Everything You've Ever Wanted To Know About Fashion Week

Anyone who has even dipped their toe into the wild world of the fashion industry can tell you that the elusive fashion show cycle is nothing short of crazy. The schedule of women’s, men’s, couture, and ready-to-wear runway shows, repeated twice a year for fall/winter and spring/summer, are enough to make your head spin. Not to mention the arrival of pre-fall and resort collections (more on that later, for those of you who are wondering what in the world pre-fall is). In honor of the start of New York Fashion Week, let’s break down fashion week and try to understand this bizarre cycle.


Fashion Week is a Month Long

Each “fashion week” is actually comprised of four weeks: one in New York, London, Milan, and Paris. Each week is not necessarily seven days long either. Depending on how many designers in each city want to show their runway collections, a “week” may be four or five days long, as in the case of London, or up to nine days long, as it is for Paris. The four major fashion weeks occur one after the other, usually in the order presented above. Other cities may hold fashion weeks as well to show their local designers (for example, Kiev and Berlin), but New York, London, Milan, and Paris are the main cities for fashion talent, and thus hold the most importance in the world of fashion.


Men’s and Women’s Collections

Men’s and Women’s fashion weeks have typically been held separately. First, all four major cities will hold their respective men’s shows, where menswear designers show their collections. Then women’s fashion week will begin, where women’s clothing collections are shown in the four major cities. Many designers design both men’s and women’s collections. Women’s fashion week tends to be more significant, due to the larger amount of designers and attention paid to women’s fashion. However, a new trend of holding mixed men’s and women’s shows or gender neutral shows is on the rise. Vivienne Westwood presented a mixed gender looks during the most recent men’s fashion week, and many designers have intentions to do the same. The effect that combining men’s and women’s runway shows will have on the industry, and the crazy fashion week cycle, remains to be seen.


What Fashion Season is it again?

Men’s and women’s fashion weeks are actually held twice a year, once for the spring/summer season and then again for the fall/winter season. What’s so confusing about these seasons is that their respective shows are held much earlier than one would actually wear the clothes that are shown. The spring/summer collections are typically held in August (men’s) and September (women’s) for the following spring and summer seasons, and the fall/winter runways are shown in January and February for the following fall and winter season.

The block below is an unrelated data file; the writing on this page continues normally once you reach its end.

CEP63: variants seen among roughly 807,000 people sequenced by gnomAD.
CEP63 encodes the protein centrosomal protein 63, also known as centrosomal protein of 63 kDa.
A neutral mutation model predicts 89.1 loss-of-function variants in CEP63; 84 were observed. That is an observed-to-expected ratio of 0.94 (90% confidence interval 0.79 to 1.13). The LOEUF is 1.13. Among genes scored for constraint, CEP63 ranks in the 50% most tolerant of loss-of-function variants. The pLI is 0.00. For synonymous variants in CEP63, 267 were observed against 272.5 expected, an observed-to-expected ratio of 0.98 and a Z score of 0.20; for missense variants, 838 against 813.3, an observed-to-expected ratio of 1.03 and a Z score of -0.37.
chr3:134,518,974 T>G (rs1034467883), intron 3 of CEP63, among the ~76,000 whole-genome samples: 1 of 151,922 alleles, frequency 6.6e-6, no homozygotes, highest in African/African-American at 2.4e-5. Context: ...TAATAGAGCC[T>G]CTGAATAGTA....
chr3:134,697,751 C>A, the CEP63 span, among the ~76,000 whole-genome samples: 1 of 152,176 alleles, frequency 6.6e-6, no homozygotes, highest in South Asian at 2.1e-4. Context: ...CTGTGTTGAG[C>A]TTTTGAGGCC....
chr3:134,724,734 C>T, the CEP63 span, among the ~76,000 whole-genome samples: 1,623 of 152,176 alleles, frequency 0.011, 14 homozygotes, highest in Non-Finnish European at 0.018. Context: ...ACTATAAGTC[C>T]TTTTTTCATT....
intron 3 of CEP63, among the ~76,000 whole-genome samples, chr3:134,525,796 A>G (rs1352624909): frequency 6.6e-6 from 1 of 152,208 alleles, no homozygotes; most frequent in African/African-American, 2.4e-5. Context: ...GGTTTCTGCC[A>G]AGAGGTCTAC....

Clothes are shown practically nine months before they can even be worn so that buyers for department stores have time to decide what they would like to purchase for their stores. It also allows fashion editors, who may work for magazines or other fashion news outlets, to preview the looks and discover the trends.


Haute Couture

Shown twice a year, exclusively in Paris, couture collections are produced by only a few design houses who have been approved by the Chambre Syndicale de la Haute Couture, and follow a distinct set of rules. In addition to incredibly high prices and an exclusive clientele, couture pieces are made to order, and are mostly hand made with traditional techniques. Since clients order couture individually, department store buyers don’t need to place orders and couture shows are held closer to the actual season they are designed for. The fall/winter couture shows usually occur in September, interrupting the spring/summer shows, and the spring/summer couture shows in January, interrupting the fall/winter shows. These collections often feature elaborate, expensive gowns and often end with a “couture bride” wearing the collection’s wedding dress.


Pre-Fall and Resort

These mini seasons typically don’t warrant a full fashion show, and many designers will simply release a lookbook of the clothes. Arguably an example of fashion’s excesses, pre-fall bridges the time period between summer and fall, and resort collections are typically to be worn during warm vacations, presumably at a resort, taken in the dead of winter.

There’s no arguing that the fashion week cycle is incredibly confusing, but hopefully a bit of the mystery has been cleared. Stay tuned for next Saturday’s article covering the fall/winter 2017 shows at New York Fashion week, and the following articles on the other major fashion weeks.


Image Sources: 1,2,3,4,5,6

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